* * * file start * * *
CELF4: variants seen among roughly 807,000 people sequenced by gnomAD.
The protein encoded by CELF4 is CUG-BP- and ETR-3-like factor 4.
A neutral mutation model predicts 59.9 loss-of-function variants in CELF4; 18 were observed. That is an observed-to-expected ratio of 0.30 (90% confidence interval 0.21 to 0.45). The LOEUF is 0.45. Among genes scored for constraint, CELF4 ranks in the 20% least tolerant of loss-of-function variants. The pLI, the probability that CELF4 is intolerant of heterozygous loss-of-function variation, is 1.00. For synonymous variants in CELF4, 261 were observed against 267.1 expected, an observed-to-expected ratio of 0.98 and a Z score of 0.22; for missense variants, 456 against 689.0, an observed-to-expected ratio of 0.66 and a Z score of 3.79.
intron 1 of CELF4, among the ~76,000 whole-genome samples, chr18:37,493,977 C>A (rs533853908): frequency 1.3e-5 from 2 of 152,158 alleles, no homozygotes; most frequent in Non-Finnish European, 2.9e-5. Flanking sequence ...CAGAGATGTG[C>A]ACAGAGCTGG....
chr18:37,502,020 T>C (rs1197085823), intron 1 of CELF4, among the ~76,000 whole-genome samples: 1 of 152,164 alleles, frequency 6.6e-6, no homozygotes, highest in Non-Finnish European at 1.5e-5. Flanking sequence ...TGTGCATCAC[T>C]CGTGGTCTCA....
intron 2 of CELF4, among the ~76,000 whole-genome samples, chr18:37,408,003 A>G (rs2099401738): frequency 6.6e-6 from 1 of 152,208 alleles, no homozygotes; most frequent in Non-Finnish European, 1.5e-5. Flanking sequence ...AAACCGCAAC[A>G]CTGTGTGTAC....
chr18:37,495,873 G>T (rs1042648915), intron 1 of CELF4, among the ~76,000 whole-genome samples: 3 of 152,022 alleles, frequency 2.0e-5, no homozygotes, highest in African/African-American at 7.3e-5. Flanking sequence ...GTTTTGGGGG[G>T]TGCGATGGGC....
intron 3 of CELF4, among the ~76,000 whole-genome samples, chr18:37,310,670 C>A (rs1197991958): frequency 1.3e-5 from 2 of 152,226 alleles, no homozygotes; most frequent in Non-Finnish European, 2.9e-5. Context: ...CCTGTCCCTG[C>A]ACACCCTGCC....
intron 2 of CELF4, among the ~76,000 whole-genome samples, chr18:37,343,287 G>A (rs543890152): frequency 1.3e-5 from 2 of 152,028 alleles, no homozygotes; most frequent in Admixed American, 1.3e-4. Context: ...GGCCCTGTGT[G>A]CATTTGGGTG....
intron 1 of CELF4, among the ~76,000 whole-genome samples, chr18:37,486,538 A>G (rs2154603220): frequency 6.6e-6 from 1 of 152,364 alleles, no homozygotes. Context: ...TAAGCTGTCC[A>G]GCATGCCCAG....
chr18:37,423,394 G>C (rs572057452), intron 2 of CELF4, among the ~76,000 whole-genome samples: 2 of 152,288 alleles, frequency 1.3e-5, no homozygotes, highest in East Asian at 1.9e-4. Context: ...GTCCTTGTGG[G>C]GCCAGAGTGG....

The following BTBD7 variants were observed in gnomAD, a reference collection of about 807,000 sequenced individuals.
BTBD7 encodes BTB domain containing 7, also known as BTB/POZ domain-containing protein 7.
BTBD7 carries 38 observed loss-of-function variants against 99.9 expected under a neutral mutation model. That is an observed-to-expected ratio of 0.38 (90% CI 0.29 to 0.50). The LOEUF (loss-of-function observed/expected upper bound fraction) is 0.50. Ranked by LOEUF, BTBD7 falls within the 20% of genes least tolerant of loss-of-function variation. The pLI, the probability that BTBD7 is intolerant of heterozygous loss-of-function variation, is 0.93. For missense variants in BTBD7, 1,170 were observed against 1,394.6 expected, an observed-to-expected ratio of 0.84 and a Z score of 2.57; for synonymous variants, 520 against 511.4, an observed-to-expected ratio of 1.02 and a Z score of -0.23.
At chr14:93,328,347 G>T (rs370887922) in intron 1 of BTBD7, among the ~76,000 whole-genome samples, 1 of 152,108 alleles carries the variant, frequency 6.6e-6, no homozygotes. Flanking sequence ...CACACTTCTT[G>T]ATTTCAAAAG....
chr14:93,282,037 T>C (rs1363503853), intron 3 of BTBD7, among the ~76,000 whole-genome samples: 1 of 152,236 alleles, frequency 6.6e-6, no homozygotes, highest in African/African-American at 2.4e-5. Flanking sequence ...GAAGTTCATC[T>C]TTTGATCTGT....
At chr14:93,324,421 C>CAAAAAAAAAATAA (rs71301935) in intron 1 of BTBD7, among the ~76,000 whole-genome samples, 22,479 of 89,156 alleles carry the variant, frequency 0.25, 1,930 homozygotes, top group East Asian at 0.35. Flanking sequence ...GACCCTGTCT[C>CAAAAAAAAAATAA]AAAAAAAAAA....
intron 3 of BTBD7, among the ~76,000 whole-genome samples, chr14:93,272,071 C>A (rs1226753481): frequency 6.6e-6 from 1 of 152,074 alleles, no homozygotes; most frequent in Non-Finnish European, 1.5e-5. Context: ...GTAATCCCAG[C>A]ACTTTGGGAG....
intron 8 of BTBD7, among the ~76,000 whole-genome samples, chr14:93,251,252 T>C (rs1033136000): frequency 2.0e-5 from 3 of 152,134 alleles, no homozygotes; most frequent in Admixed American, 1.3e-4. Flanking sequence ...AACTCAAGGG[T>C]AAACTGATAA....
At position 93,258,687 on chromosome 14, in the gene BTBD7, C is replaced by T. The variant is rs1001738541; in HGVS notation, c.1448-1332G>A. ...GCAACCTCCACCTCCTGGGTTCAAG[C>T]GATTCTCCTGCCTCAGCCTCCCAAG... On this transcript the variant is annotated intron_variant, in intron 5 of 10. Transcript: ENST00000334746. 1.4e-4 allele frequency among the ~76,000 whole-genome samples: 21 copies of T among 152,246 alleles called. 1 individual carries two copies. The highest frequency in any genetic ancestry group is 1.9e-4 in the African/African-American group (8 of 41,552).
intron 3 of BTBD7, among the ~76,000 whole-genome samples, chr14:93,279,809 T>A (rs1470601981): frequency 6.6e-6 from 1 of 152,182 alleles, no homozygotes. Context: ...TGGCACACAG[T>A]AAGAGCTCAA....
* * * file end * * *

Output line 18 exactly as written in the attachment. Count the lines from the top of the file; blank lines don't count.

intron 3 of BTBD7, among the ~76,000 whole-genome samples, chr14:93,272,071 C>A (rs1226753481): frequency 6.6e-6 from 1 of 152,074 alleles, no homozygotes; most frequent in Non-Finnish European, 1.5e-5. Context: ...GTAATCCCAG[C>A]ACTTTGGGAG....